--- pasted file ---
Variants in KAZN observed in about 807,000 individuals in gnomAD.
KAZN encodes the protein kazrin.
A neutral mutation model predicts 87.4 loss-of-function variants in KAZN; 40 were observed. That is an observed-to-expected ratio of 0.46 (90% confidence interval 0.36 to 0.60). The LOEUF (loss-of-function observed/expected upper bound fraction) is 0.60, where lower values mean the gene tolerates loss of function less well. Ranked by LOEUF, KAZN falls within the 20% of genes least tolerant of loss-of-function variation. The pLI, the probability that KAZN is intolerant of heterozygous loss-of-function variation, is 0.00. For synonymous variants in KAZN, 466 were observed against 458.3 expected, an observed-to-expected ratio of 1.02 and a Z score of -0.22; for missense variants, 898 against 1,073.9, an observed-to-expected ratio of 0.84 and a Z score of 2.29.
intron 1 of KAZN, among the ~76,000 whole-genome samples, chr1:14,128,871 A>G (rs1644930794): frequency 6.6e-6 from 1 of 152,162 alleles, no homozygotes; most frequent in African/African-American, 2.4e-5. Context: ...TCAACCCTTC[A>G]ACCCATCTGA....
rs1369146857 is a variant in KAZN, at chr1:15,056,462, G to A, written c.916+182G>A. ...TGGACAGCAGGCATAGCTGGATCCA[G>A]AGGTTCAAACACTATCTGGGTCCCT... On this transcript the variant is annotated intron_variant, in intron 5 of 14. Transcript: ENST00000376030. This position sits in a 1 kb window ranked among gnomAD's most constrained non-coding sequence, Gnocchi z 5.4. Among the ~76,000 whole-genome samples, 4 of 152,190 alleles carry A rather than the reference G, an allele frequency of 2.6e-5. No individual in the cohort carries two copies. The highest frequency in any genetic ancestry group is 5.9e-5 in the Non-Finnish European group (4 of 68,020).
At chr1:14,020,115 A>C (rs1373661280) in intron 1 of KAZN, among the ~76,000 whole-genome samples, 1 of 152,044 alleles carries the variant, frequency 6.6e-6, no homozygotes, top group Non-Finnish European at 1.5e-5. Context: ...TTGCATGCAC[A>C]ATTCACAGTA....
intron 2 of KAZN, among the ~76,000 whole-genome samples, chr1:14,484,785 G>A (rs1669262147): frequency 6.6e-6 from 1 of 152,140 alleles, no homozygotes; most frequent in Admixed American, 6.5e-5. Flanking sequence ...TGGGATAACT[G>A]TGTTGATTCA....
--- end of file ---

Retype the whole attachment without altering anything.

Variants in KAZN observed in about 807,000 individuals in gnomAD.
KAZN encodes the protein kazrin.
A neutral mutation model predicts 87.4 loss-of-function variants in KAZN; 40 were observed. That is an observed-to-expected ratio of 0.46 (90% confidence interval 0.36 to 0.60). The LOEUF (loss-of-function observed/expected upper bound fraction) is 0.60, where lower values mean the gene tolerates loss of function less well. Ranked by LOEUF, KAZN falls within the 20% of genes least tolerant of loss-of-function variation. The pLI, the probability that KAZN is intolerant of heterozygous loss-of-function variation, is 0.00. For synonymous variants in KAZN, 466 were observed against 458.3 expected, an observed-to-expected ratio of 1.02 and a Z score of -0.22; for missense variants, 898 against 1,073.9, an observed-to-expected ratio of 0.84 and a Z score of 2.29.
intron 1 of KAZN, among the ~76,000 whole-genome samples, chr1:14,128,871 A>G (rs1644930794): frequency 6.6e-6 from 1 of 152,162 alleles, no homozygotes; most frequent in African/African-American, 2.4e-5. Context: ...TCAACCCTTC[A>G]ACCCATCTGA....
rs1369146857 is a variant in KAZN, at chr1:15,056,462, G to A, written c.916+182G>A. ...TGGACAGCAGGCATAGCTGGATCCA[G>A]AGGTTCAAACACTATCTGGGTCCCT... On this transcript the variant is annotated intron_variant, in intron 5 of 14. Transcript: ENST00000376030. This position sits in a 1 kb window ranked among gnomAD's most constrained non-coding sequence, Gnocchi z 5.4. Among the ~76,000 whole-genome samples, 4 of 152,190 alleles carry A rather than the reference G, an allele frequency of 2.6e-5. No individual in the cohort carries two copies. The highest frequency in any genetic ancestry group is 5.9e-5 in the Non-Finnish European group (4 of 68,020).
At chr1:14,020,115 A>C (rs1373661280) in intron 1 of KAZN, among the ~76,000 whole-genome samples, 1 of 152,044 alleles carries the variant, frequency 6.6e-6, no homozygotes, top group Non-Finnish European at 1.5e-5. Context: ...TTGCATGCAC[A>C]ATTCACAGTA....
intron 2 of KAZN, among the ~76,000 whole-genome samples, chr1:14,484,785 G>A (rs1669262147): frequency 6.6e-6 from 1 of 152,140 alleles, no homozygotes; most frequent in Admixed American, 6.5e-5. Flanking sequence ...TGGGATAACT[G>A]TGTTGATTCA....